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[News] Intellectual Monopolists Carry on Assault on Emerging Competition

  • Subject: [News] Intellectual Monopolists Carry on Assault on Emerging Competition
  • From: Roy Schestowitz <newsgroups@xxxxxxxxxxxxxxx>
  • Date: Sat, 26 Dec 2009 01:03:24 +0000
  • Followup-to: comp.os.linux.advocacy
  • Newsgroups: comp.os.linux.advocacy
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What Will The Recording Industry Be Blaming For All Their Problems A Decade From Now?

,----[ Quote ]
| "Piracy" makes for an easy -- if totally 
| incorrect -- scapegoat. The reality is far 
| different. As we've seen over and over again, 
| those who learn to properly use file sharing 
| to their advantage don't see any "problems" 
| from file "piracy," but actually see it as a 
| huge opportunity.

Napster: The File-Sharing Service That Started It All?


Copyright: Towards a recognition of users' rights at WIPO?

,----[ Quote ]
| Last week (December 14th-18th), the World 
| Intellectual Property Organization's standing 
| committee on copyright and related rights 
| (SCCR) was considering, among other things, a 
| proposal by Brazil, Ecuador and Paraguay for 
| an international treaty aimed at increasing 
| the accessibility of books for blind people.


A year out, where's RIAA's promised ISP help?

,----[ Quote ]
| Multiple music sources have told me over the 
| past month the RIAA leaders were feeling 
| pressure to drop the lawsuit campaign, but 
| were also being lobbied by some at the labels 
| to put some kind of deterrent in place, even 
| if totally toothless. They didn't want the 
| public to think there weren't any 
| consequences to pirating music, even if the 
| reality was exactly that.


Competitive Keyword Advertiser Wins at Trial--Fair Isaac v. Experian


IsoHunt Loses Big; Court Says: You Induce, You Lose

,----[ Quote ]
| The court relies on the fact that IsoHunt 
| owner Gary Fung made many statements that 
| could be read as inducing infringement, but 
| most of the statements appear to have been 
| taken out of context. In fact, it looks like 
| the court interpreted any time Fung mentioned 
| "stealing" to mean support for copyright 
| infringement, even if the words he stated 
| were actually suggesting something different.


Hey Whatever Happened To Those Andrew Cuomo-Backed, RIAA Agreements With ISPs To Kick People Off The Internet?

,----[ Quote ]
| It's now been over a year since the infamous 
| announcement, leaked to the Wall Street 
| Journal, that the RIAA was going to 
| effectively drop its strategy of suing 
| individuals in favor of agreements, worked 
| out between the RIAA and ISPs with NY AG 
| Andrew Cuomo adding pressure, to kick people 
| off the internet on a "three strikes" regime. 
| The whole thing sounded pretty ridiculous at 
| the time. Cuomo had absolutely no legal 
| standing to pressure ISPs into such a deal, 
| since the ISPs had every legal right to say 
| no. And, since the "leak" many ISPs have 
| insisted, quite vocally, that they have never 
| made any such agreement with the RIAA and 
| that they would never kick their customers 
| offline in such a manner. 


Copyright claim based on taping fashion show 

,----[ Quote ]
| A women's clothing company is suing Canadian 
| Broadcasting Company after a reporter for the 
| television station snuck into a New York 
| fashion show without an invitation and taped 
| the event.


Ursula K. Le Guin Resigns From Authors Guild, Because It Didn't Keep Up Its Silly Fight With Google

,----[ Quote ]
| Ursula K. Le Guin is a very famous author who 
| many people insist is one of the best -- 
| though, I have to admit never having read her 
| stuff. Yet, she is one of those who is rather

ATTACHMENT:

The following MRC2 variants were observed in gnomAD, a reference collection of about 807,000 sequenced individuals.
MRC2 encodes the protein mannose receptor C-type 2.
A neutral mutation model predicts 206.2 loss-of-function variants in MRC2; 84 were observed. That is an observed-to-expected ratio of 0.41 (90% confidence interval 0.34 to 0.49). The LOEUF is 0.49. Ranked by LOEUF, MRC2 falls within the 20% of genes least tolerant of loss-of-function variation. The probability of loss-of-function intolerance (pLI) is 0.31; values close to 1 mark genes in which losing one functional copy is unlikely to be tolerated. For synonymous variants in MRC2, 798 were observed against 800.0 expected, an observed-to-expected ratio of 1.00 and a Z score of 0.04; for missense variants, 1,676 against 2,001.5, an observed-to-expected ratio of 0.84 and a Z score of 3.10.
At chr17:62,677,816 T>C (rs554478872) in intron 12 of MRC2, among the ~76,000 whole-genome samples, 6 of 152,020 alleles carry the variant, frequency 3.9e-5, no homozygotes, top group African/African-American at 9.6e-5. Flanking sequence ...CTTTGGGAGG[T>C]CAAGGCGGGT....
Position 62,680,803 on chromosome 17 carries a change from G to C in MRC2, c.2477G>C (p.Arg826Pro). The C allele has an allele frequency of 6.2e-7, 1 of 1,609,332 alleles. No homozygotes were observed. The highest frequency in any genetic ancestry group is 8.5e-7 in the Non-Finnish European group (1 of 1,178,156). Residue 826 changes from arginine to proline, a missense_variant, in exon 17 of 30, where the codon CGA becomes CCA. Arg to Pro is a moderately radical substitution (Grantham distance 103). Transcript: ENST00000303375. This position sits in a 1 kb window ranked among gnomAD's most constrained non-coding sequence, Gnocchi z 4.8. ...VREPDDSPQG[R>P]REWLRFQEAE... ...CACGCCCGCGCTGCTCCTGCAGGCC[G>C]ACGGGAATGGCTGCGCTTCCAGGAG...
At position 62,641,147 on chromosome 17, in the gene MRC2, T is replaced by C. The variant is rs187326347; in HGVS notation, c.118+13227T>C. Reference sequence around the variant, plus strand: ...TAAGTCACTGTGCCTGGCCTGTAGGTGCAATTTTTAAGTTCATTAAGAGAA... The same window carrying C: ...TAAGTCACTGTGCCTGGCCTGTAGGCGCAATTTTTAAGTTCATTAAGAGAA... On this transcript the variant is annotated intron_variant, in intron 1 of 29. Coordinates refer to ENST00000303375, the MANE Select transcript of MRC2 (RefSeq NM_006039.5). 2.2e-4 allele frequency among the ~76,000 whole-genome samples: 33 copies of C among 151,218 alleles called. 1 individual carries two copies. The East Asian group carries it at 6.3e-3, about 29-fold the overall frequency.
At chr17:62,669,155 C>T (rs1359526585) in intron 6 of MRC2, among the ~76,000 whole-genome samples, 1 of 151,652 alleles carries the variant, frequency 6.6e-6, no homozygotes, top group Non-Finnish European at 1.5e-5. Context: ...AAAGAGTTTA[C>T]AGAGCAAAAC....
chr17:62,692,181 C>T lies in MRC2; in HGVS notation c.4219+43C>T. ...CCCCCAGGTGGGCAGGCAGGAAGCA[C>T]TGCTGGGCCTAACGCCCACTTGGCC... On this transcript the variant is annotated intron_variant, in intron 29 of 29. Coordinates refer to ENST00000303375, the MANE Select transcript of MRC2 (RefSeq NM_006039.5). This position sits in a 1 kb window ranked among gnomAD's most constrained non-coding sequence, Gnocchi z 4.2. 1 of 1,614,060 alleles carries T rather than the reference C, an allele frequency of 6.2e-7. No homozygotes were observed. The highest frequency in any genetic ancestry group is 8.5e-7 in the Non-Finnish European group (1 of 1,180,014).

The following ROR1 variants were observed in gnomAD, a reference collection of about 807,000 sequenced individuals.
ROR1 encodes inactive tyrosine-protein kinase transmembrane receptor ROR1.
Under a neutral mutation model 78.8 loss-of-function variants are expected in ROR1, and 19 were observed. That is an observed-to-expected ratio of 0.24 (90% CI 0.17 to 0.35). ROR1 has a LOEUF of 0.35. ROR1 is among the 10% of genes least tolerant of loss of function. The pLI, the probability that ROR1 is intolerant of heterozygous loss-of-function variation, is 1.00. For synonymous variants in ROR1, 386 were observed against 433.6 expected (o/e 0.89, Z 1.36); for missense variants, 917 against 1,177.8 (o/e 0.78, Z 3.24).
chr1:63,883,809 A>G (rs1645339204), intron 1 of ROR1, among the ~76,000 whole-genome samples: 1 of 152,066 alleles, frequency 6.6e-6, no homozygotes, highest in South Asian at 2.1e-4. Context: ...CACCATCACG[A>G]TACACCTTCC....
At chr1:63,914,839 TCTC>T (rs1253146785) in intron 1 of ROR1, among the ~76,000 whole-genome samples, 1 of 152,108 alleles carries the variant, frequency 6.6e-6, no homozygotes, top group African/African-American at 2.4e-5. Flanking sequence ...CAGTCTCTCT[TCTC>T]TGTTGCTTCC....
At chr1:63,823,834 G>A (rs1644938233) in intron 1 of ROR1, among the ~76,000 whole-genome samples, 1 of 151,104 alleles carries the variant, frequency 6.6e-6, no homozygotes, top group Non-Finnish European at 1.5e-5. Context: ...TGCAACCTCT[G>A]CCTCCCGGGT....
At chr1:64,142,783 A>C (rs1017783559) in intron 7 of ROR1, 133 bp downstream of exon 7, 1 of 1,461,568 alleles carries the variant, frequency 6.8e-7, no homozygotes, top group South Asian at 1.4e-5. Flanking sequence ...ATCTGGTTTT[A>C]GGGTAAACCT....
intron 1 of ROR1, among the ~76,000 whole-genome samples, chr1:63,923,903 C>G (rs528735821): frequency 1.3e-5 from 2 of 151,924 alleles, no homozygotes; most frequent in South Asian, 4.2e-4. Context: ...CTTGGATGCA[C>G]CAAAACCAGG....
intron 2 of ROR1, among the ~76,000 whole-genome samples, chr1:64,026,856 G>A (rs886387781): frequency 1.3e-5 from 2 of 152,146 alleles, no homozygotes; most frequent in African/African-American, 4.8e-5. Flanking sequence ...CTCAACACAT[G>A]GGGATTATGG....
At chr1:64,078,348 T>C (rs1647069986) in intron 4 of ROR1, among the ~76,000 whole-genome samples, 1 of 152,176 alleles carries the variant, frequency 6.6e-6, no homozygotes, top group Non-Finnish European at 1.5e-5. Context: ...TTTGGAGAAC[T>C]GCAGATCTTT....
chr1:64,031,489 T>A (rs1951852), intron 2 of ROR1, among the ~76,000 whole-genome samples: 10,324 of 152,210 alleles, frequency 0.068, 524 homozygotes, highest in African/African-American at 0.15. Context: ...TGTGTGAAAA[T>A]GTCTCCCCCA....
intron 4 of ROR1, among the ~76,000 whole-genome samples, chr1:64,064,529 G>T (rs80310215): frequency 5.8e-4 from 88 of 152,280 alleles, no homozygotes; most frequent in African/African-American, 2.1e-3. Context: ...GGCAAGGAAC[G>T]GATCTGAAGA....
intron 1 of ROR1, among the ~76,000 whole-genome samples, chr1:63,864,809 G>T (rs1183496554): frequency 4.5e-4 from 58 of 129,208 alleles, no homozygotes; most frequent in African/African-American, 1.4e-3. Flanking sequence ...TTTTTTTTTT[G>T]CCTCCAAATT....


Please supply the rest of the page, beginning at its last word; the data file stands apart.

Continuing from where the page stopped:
| aggressive in policing the copyrights on her 
| work, and who does not tend to side with 
| those who believe in concepts like "fair 
| use." Most certainly, she is not a fan of 
| open culture. A few years ago, she got into a 
| bit of a scrap with Cory Doctorow, because he 
| dared to publish a single paragraph of hers 
| in a blogpost as part of a larger (positive!) 
| commentary.


Will new North Face trademark lawsuit come back to bite it in the butt?

,----[ Quote ]
| North Face has sued a company called âSouth 
| Butt,â whose slogan âNever Stop Relaxingâ is 
| a deliberate poke at the fashionable outdoors 
| clothing company's "never stop exploring."  
| South Butt's logo comes close to being a 
| mirror image of North Faceâs logo. 


Dr. Ficsor is wrong about many things - why should we believe him? 

,----[ Quote ]
| Doctor Ficsor's views have been well 
| documented for over a decade? Where? The man 
| is virtually unknown according to Google. 
| Most of the results it tosses up for his name 
| link to my virtually unknown blog! My god man 
| - didn't your teachers tell you to strive for 
| accuracy if you want to be believed? Both you 
| and Doctor Ficsor are fond of making 
| statements, without providing proof. 
| Document, document, document!
| And as to Doctor Ficsor's connections to the 
| 'copyright lobby groups', I refer you to my 
| earlier post where I came to the same 
| conclusion. Doctor Ficsor's arguments are so 
| similar to the arguments made by the US 
| Ambassador to Canada in a recent speech. 
| Which happen to be the same arguments made by 
| the Motion Picture Association of America and 
| the Recording Industry Association of 
| America. Which may not be surprising, as the 
| Obama regime is infamous for hiring RIAA 
| lawyers for sensitive positions in the 
| administration. 


Doctor Ficsor is wrong again

,----[ Quote ]
| Oh dear - here we go again. Doctor Ficsor, 
| you are quickly gaining a reputation for 
| inaccuracy. I was originally going to refute 
| you point by point, but that would have 
| resulted in another long document, and as you 
| stated, this is Christmas. I have children 
| and a wife (never mind two adorable dogs) who 
| would like to see me away from the computer 
| for a while, so I will make this short.
| Point Number One:
| You have stated that the United States is 
| compliant with the treaty in regards to 
| âTechnological Protection Measures (TPM)â. 
| According to the wording that you, yourself 
| have provided they are not. Their 
| implementation, known as the âDigital 
| Millennium Copyright Act of 1998â is 
| defective in many areas. Iâll pick one to 
| demonstrate, specifically the Kindle, an E-
| Reader marketed by Amazon. The Kindle uses 
| âDigital Rights Management (DRM)â (a more 
| accurate name would be Digital Restrictions 
| Management), another name for a TPM, to